Going to a school that is 70 percent white, being the only black kid in my Advanced Placement classes, being 1 out of the seven black kids in a speech and debate program of 70 plus, simply being on track to graduate while also being a part of the largest demographic of dropouts at my school has accurately demonstrated what the term minority truly means. Society has created a stigma and stereotype around this term, and it has rooted itself in our community, being fertilized by systemic and internalized racism. But these challenges have only made me realize that if I showed my community that we are only the minority when we conform to it when we are separate, and if we worked together, we wouldn’t be the “minority” anymore. This is why I founded the Young Educated Black Men’s group at my school. A group that strives for black excellence in and outside of the classroom, engaging in community service and outreach, tutoring, mentorship, with college preparation raising thousands of dollars for our program to attend HBCU visits. I also became the speech and debate head captain. I strived for diversity and inclusion in my program, producing three state finalists of color and introducing a blueprint for an integration system for the upcoming years. I started a tutoring program for my football team with the help of coaches and teachers to make sure all student athletes had the tools they needed to be successful in college. I became a mentor in a Rights of Passage program at my church with the goal of keeping young black men off the streets and into a safe and constructive environment. I have interned at an Equity firm with the goal to increase financial literacy in the minority community Co-founding a youth Mentorship cohort in order to start the next-generation on the right foot. I have started a Freelance public speaking media company to spread my voice across the country to ensure everyone in my community can find representation in me. All of these activities help me foster inclusivity and success in my community, to prove that although we are the minority in this country, it does not mean we are any less capable of success. Throughout my academic career I have found that knowledge is the greatest superpower that any person can have especially minorities. When all youth are given the opportunity to learn through representation and equal and safe environments there is no telling what they can achieve. Whether it is sports, extracurriculars, or community engagement I apply this principle to all aspects of my life.
    Julius Quentin Jackson Scholarship
    Winner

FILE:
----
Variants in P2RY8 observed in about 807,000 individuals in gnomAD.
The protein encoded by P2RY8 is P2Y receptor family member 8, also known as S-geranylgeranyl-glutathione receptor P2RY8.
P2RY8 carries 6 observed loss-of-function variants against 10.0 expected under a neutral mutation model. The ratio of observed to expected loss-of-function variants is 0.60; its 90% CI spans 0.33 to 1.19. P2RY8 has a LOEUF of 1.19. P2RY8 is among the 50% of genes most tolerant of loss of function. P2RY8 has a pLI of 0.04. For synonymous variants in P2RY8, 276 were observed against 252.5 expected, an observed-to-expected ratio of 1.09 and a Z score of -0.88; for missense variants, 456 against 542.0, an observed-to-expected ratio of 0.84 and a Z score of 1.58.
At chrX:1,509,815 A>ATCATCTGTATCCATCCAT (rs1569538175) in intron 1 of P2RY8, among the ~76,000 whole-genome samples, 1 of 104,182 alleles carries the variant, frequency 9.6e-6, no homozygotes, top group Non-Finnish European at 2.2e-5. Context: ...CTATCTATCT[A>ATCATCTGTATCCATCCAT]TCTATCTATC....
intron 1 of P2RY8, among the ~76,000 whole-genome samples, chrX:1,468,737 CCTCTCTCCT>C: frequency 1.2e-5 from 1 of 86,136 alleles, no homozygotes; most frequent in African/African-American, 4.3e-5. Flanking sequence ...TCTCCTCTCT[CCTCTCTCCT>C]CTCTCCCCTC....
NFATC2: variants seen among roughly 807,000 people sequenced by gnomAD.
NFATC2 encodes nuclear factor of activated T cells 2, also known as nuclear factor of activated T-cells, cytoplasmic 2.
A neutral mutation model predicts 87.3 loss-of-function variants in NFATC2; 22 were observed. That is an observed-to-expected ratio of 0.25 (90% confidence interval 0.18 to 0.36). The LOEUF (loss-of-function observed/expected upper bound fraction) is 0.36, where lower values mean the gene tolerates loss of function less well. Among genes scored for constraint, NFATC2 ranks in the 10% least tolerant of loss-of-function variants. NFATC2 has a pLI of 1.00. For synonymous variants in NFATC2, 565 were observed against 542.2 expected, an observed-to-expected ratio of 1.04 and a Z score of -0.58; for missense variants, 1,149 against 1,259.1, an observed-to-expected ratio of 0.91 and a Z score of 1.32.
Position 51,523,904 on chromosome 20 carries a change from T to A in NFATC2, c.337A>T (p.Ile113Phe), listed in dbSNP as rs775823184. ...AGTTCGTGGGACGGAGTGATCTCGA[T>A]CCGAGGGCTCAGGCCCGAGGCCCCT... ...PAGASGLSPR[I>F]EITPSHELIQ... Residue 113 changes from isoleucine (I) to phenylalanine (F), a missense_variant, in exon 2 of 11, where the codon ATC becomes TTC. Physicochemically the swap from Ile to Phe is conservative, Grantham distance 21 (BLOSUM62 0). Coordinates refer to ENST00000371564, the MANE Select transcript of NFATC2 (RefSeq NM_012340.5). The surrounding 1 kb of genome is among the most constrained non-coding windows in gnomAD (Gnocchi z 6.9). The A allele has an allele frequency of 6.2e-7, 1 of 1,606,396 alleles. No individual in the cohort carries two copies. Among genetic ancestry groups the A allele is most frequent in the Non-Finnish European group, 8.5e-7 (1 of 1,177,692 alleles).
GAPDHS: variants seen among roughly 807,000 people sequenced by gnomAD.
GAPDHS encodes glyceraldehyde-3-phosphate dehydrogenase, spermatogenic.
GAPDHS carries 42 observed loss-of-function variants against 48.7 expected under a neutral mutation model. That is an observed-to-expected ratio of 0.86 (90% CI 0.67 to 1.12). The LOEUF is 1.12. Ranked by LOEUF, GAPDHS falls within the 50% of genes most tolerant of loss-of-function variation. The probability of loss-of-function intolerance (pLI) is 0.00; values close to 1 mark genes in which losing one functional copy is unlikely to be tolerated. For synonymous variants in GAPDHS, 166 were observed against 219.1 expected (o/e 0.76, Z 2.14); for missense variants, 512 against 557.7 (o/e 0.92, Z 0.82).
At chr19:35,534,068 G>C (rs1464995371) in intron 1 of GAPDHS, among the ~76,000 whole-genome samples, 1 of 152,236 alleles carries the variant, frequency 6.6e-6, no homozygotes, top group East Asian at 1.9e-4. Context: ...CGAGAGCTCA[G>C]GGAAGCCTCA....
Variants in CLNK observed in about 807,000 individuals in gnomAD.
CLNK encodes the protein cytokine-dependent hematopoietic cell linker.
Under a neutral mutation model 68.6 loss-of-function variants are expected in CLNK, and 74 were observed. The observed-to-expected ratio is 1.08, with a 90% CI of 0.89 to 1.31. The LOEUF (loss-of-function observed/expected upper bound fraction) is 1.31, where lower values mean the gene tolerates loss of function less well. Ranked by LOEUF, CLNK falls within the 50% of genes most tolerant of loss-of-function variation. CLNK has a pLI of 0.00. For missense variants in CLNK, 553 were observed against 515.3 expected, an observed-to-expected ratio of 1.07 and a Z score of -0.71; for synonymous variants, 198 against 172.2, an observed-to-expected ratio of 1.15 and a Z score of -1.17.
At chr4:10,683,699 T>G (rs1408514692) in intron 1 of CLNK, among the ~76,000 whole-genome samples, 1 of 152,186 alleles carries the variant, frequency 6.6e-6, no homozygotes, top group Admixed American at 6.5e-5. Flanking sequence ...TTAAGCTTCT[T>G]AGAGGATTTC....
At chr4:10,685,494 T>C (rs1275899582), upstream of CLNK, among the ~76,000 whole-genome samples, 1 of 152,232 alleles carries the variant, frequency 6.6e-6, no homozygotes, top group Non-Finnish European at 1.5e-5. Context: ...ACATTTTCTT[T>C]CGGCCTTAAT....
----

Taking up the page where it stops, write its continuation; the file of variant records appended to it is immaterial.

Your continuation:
There's a time in every child's life when they believe that magic and superpowers are a reality, that if they got bitten by the right spider, they could climb walls, that if they wore a cape and put a big S on their chest, they could fly. To them, being a superhero meant having powers and defeating evil. I was 6, riding in my Dad's car, looking out the window, imagining Spiderman swinging from the buildings. However, this world that I conjured disappeared at home. Luckily for me, the car was our home; we were evicted and sleeping in our car. To a child who couldn't grasp the severity of our situation, it was just fine by me. I'd watch Superman save Lois from Lex Luther on top of whatever building we parked next to until I fell asleep. I woke up ready for the rematch, but this time, it was on top of an Army recruitment office. My father was walking into the building, and I jumped up and down with excitement. My Dad was going to be a superhero; like Captain America or Wolverine. They even gave us a house, which meant no more car rides, but I didn't care I had a real superhero at home. What powers did he have? What monsters did he fight? Usually, I would receive whatever fake response he could make up to excite me. Then, he finally answered truthfully. He told me he didn't have powers; he had a gun. He didn't fight monsters; he fought people. He wasn't fighting to save the world; he was fighting so my family would never have to sleep in a cold car again. With only human abilities, he could still defeat even the worst of evil. Yes, there comes a time in every person's life when the magic starts to fade, and powers start to become unfathomable. But thanks to my father, I realized that learning is the greatest superpower anyone has. So, I expand my knowledge, take every opportunity afforded to me, and forge a work ethic that helps me overcome academic obstacles. With this scholarship, I will be able to continue the expansion of my father's teachings by going to college. My academic career has given me a passion for helping people and fostering change in my community through an innovative, entrepreneurial, and business-oriented mindset. By being accepted into my dream school and the number 2 undergraduate university for Business at UC Berkeley, I am one step closer to achieving that dream. However, the price of that dream is $80,000 a year. My family is in extreme financial disparity with my unemployed mother being the sole caretaker of our family of 6, living in section 8 housing, and having a twin brother who is also entering college this year. I am prepared to commit to my dreams no matter the cost. I am asking for you to commit to me, and make an investment So that I can invest in others.